Informacion economica sobre Cuba

Private Taxi Drivers Feel Harassed By The Cuban Government / Iván García

Iván García, 15 February 2017 — Decidedly, equanimity isn’t one of
Pastor’s strong points. He’s an industrial engineer transformed into a
private taxi driver, and six days a week he drives a 1954 Dodge with a
body from a Detroit factory, patched up a couple of times in a Havana
workshop and improved with a German engine from a Mercedes Benz, a South
Korean transmission and a steering wheel from a Lada of the Soviet era.
With this car he operates on a fixed-route as a shared-taxi.

This mechanical Frankenstein is the livelihood of Pastor, his wife, four
children and two grandchildren. “When I stop driving, it’s felt in the
house. So I have to be driving 12 or 13 hours daily. My family and even
my in-laws live from my almendrón (old American car). The government
considers us taxi drivers as tycoons, newly rich. But that’s not true,”
says Pastor, while he drives his taxi through the narrow Monte Street in
the direction of the Parque de la Fraternidad.

At the end of the trip, he parks very close to the Saratoga Hotel and
enumerates details of the collective taxi business in Havana. “There are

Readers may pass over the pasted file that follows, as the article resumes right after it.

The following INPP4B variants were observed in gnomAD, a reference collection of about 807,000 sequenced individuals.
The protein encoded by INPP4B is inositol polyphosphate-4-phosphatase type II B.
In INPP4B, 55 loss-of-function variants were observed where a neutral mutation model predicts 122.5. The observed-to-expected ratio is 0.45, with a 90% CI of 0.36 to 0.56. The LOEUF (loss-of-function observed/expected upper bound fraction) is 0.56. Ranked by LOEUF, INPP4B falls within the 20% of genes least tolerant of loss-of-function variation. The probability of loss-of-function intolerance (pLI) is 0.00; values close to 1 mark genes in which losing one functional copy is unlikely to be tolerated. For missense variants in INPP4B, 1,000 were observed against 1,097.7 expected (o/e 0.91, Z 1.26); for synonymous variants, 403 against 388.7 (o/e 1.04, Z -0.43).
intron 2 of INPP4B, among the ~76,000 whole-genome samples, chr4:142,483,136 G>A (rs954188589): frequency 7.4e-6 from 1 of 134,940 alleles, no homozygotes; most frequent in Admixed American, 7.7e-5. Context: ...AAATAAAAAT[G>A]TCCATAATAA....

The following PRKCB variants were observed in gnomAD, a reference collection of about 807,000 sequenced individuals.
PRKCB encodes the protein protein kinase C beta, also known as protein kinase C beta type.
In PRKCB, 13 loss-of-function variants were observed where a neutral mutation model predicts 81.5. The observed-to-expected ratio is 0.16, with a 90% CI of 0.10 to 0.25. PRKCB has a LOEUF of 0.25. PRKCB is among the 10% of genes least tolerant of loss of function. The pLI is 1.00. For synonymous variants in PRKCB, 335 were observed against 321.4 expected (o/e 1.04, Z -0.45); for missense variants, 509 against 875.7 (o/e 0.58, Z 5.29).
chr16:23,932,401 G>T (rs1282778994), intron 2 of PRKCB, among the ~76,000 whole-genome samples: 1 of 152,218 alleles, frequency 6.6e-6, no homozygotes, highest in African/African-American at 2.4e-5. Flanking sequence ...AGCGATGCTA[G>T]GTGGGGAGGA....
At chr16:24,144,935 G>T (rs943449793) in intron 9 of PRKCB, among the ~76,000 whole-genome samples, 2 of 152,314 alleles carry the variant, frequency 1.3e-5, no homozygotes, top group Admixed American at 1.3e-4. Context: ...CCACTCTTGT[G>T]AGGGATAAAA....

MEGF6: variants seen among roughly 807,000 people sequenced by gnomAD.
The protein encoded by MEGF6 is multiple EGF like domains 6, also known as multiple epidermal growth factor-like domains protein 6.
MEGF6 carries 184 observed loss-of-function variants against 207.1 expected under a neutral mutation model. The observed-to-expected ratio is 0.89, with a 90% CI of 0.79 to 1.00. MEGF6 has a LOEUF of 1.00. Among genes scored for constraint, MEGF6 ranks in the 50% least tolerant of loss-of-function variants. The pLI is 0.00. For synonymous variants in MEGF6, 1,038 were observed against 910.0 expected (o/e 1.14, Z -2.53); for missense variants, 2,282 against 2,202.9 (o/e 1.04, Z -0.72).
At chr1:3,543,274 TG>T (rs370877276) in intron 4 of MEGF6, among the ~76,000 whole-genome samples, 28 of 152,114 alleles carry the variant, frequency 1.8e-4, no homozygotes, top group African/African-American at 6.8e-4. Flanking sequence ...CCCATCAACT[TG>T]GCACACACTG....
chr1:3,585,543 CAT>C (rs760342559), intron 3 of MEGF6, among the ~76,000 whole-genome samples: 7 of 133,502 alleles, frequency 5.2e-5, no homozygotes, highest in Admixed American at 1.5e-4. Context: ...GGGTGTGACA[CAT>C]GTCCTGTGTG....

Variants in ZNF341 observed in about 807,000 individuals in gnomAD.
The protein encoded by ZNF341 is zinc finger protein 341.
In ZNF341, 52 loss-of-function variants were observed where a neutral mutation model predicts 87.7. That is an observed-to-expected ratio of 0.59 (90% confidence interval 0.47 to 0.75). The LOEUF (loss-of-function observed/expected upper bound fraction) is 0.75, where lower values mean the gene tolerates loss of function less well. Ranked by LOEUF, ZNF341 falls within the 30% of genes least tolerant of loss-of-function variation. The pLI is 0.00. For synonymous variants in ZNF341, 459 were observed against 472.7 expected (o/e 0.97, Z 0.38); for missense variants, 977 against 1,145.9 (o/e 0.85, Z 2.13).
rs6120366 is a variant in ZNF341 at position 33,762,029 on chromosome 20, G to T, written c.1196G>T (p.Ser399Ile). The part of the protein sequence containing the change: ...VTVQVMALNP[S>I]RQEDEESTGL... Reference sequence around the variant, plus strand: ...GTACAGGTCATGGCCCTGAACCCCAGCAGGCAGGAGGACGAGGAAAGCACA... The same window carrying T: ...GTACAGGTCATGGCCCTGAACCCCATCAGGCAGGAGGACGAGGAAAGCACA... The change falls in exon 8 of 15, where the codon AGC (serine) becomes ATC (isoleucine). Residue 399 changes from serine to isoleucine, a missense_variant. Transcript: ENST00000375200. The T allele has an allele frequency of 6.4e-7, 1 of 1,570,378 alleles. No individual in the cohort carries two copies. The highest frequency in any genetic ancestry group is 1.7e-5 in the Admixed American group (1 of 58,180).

two types of taxi drivers. Those who own their car, like me, and those
who lease it to someone who owns five or six cars and makes money
renting them out. We all pay the same tax, which the State raises each
year, by using some ruse,” he comments, and he adds:

“The study that ONAT, the National Tax Office, did, which controls
private work on the Island, is very elementary. Its calculations are
removed from reality. The deductions for the time we aren’t working are
erroneous. Sometimes the car has to be in the shop for two or more months.

But the transportation problem, which the government tries to blame us
for, is something that they haven’t resolved. If my business is one of
supply and demand, then no one should stick their nose into my prices.
It doesn’t concern the State. If they want to improve public
transportation let them buy hundreds of busses and taxis, so they can
see how low prices have fallen,” says Pastor, who, as we’re chatting,
becomes impassioned, and more than a few swear words sprinkle the

“This can only happen in a dictatorship. If they really want things to
get better they would have had a dialogue with us, the taxi drivers, who
in the capital alone number more than 10,000. Compadre, the State
doesn’t give a shit about helping us. They don’t give us so much as a
single screw. We pay them everything. What would have been a good
solution? To sell us gas, which now costs 1.10 Cuban convertible pesos
(roughly $1.10 US) in the government filling stations, at 10 or 15 Cuban
pesos (roughly $0.40 to $0.60 US), and then require us to have fixed
prices on a route,” says Pastor, indignant.

If you talk with any of the private taxi drivers in Havana, you will
note their barely-contained irritation. “It’s simple: If the government
continues fucking with me, I’ll surrender my State license tomorrow and
work under the table. Actually, there’s a ton of people who are doing
that. They don’t have enough police to be going after 15,000 illegal
taxi drivers,” says a taxi driver who drives the Havana-Playa route.

Eliecer, a driver on the Lisa-Parque Central route, explains his
accounting. “I drive for a lady who owns the auto. I pay her 25 CUC